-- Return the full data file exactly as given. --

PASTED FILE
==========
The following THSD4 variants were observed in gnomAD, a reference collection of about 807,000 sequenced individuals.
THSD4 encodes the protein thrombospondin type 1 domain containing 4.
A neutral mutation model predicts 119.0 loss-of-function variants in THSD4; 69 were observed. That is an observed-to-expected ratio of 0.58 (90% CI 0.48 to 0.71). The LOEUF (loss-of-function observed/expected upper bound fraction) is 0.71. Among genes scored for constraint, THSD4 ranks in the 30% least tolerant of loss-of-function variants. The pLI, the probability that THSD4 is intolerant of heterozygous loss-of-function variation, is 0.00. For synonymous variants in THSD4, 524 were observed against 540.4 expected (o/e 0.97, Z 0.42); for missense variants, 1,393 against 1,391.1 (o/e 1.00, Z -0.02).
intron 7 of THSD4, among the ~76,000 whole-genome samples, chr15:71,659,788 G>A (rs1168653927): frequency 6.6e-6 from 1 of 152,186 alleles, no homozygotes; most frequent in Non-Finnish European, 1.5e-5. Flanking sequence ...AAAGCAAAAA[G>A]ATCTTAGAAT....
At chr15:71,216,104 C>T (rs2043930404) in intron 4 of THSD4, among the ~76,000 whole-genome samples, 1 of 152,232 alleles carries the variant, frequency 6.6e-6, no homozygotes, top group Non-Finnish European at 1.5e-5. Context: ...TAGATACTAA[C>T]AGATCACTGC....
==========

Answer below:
The following THSD4 variants were observed in gnomAD, a reference collection of about 807,000 sequenced individuals.
THSD4 encodes the protein thrombospondin type 1 domain containing 4.
A neutral mutation model predicts 119.0 loss-of-function variants in THSD4; 69 were observed. That is an observed-to-expected ratio of 0.58 (90% CI 0.48 to 0.71). The LOEUF (loss-of-function observed/expected upper bound fraction) is 0.71. Among genes scored for constraint, THSD4 ranks in the 30% least tolerant of loss-of-function variants. The pLI, the probability that THSD4 is intolerant of heterozygous loss-of-function variation, is 0.00. For synonymous variants in THSD4, 524 were observed against 540.4 expected (o/e 0.97, Z 0.42); for missense variants, 1,393 against 1,391.1 (o/e 1.00, Z -0.02).
intron 7 of THSD4, among the ~76,000 whole-genome samples, chr15:71,659,788 G>A (rs1168653927): frequency 6.6e-6 from 1 of 152,186 alleles, no homozygotes; most frequent in Non-Finnish European, 1.5e-5. Flanking sequence ...AAAGCAAAAA[G>A]ATCTTAGAAT....
At chr15:71,216,104 C>T (rs2043930404) in intron 4 of THSD4, among the ~76,000 whole-genome samples, 1 of 152,232 alleles carries the variant, frequency 6.6e-6, no homozygotes, top group Non-Finnish European at 1.5e-5. Context: ...TAGATACTAA[C>T]AGATCACTGC....